Yes Ron, like I stated, the net revenue all seems to be so up in the air when it should all be locked in.  Maybe they will tighten it up before they make their final decision.  Until then I don’t think Nishi is ready for primetime.

      2. Mark West

        I really don’t see the benefit in trying to ‘nail down’ the net revenues for the project.  Sure, we should try to maximize the value coming to the City through the project, but as we have learned repeatedly, the primary unknown for determining net revenues over time is the uncontrolled rate of inflation of our costs, particularly employee compensation.  No matter how much revenue we bring in from the project (any project, not just Nishi) it will eventually be swamped by these rising costs.

        That will also be true for new tax revenues, such as from a parcel tax or increased sales tax.  We recently raised the sales tax rate to cover the City’s budget deficit.  Our costs have since gone up again and those new revenues are no longer sufficient, so we are once again heading into the red. Using the same logic being used to judge these development projects, tax increases are also a net negative over time.  The difference is that development projects create jobs and build wealth in the community, while tax increases just make us all poorer.

        Instead of wringing or hands over projected net revenues from Nishi or Mace, what we should be asking is why the CC and CM refuse to control cost inflation.

  3. Barack Palin

    The goals are to ensure that each UC campus has sufficient housing for its growing student population and to keep housing as affordable as possible for UC students.

    As for how this affects UC Davis, Bob Segar, UCD’s assistant vice chancellor for campus planning and community resources said Wednesday, “This is a brand-new initiative. We don’t have details yet but the focus on student housing from the UC Office of the President is good news for our students and our community.”

    Communities around California for years have faced the challenge of ensuring sufficient affordable housing for residents. Housing is in particularly short supply in some of the communities that are home to UC campuses.
    Along with facilitating projects that are already in planning and development, the initiative aims to spur new housing construction, and potentially, the acquisition of existing housing stock.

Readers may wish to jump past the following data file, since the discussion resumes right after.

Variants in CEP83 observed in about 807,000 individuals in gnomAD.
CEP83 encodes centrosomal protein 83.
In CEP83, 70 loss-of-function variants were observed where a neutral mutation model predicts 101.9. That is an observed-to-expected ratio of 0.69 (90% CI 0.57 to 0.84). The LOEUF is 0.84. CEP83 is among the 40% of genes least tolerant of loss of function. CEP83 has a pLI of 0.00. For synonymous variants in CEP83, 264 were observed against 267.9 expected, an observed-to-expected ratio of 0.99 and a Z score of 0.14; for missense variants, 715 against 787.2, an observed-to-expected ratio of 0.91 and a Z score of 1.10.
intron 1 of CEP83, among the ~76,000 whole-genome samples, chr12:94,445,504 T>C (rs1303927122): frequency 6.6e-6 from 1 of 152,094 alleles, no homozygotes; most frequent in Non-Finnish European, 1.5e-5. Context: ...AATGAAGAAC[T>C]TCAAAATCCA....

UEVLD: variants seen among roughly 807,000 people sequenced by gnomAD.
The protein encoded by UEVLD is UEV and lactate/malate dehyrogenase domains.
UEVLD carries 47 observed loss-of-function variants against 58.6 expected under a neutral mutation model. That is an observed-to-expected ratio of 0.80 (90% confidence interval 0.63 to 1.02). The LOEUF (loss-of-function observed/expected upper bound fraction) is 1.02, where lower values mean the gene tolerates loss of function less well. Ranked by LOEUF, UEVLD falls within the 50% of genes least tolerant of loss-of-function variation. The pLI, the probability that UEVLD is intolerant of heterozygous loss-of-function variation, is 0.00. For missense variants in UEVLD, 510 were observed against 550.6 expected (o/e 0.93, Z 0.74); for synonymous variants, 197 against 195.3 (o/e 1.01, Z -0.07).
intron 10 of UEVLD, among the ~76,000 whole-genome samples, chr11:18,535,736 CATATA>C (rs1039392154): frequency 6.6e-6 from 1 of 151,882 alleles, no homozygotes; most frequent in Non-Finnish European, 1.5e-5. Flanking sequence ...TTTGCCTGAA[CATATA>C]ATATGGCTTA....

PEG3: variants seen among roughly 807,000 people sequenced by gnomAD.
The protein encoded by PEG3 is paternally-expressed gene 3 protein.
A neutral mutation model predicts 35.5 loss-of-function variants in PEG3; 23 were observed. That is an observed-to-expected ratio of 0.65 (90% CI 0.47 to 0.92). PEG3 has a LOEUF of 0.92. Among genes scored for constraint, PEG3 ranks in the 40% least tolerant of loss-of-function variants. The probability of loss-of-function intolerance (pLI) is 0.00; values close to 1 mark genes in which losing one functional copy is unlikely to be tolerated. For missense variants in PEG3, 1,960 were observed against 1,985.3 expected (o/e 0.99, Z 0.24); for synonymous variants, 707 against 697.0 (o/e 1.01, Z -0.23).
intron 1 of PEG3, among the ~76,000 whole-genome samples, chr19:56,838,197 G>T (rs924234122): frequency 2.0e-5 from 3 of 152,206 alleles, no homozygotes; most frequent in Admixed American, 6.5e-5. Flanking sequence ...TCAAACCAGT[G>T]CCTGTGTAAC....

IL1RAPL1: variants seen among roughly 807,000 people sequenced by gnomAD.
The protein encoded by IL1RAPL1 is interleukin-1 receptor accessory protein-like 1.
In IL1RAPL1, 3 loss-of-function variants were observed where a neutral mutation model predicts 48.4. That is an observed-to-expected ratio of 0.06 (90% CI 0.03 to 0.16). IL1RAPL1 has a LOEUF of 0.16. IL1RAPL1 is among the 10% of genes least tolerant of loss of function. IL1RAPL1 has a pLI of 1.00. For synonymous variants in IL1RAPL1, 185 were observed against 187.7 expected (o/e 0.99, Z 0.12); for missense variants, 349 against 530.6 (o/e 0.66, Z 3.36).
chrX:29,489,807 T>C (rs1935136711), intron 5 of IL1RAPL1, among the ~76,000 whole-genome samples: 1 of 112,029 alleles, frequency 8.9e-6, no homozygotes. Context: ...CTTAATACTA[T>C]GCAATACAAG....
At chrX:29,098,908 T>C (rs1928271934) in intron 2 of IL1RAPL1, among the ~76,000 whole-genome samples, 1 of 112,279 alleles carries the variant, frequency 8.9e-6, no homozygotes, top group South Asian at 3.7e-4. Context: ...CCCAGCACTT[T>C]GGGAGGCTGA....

1. CalAg

      This is great news. I hope Napolitano puts some UC system-wide funds behind it and isn’t simply creating another un/under-funded initiative.

      Maybe the agitation from Samitz and her allies will result in UCD capturing a bigger piece of the pie. At the very least, UCOP will be more closely watching UCD’s student housing efforts going forward.

  4. Frankly

    All around my office on D street the parking spaces quickly disappear when UCD classes are in session.  This clearly indicated that students are using those parking spaces.  In fact, I think savvy students are securing resident parking passes from the city.

    The point here is that trying to engineer society to be car-less through scarcity does not work because people that need a car will have a car and will find ways to make it work… and the ways they find to make it work are consequential to others.

    The better way to convince people not to drive is if they have the amenities and transportation options that don’t require a car.   For example, if they have adequate public transportation, easy and safe bike and pedestrian routes, and plenty of shopping, entertainment and employment opportunities that can be accessed by these.

    But one last point about UCD and cars.   As the price of education has skyrocketed, and also the admission requirements have skyrocketed, the average UCD student more often comes from a well-off family.  And these well-off families want their little darlings to have a car.  And if they want their little darlings to have a car, and the Nishi development does not have enough parking spaces, they will not live there.

    The problem Davis has is that it is not a full-service urban city.  It is stuck trying to be both… a small rural city and a small urban city… and doing neither very well.   Being car-less in Davis means being someone with a low-service requirement lifestyle (minimal shopping, entertainment, medical needs, employment needs, outside education needs, etc.)  Being poor in Davis often means being car-less out of financial necessity, but it isn’t the desired alternative…  just ask all the young people working in food service and attending classes… many that have to attend community college classes in Sacramento.

    We are really blowing it here in my opinion.  We should be building out and up to increase the size of our local economy so that we increase the tax revenue.  And for each of these developments we demand top of the line bike, pedestrian, public and private transportation connections (including adequate parking).  And we include a lot of open space so that we are not a concrete jungle.   It looks like Nishi has become more of a concrete jungle, but at least with a plan for good transportation connections.  However, the lack of parking, I think, will just cause problems in the rest of the city as residents find a way to have a car.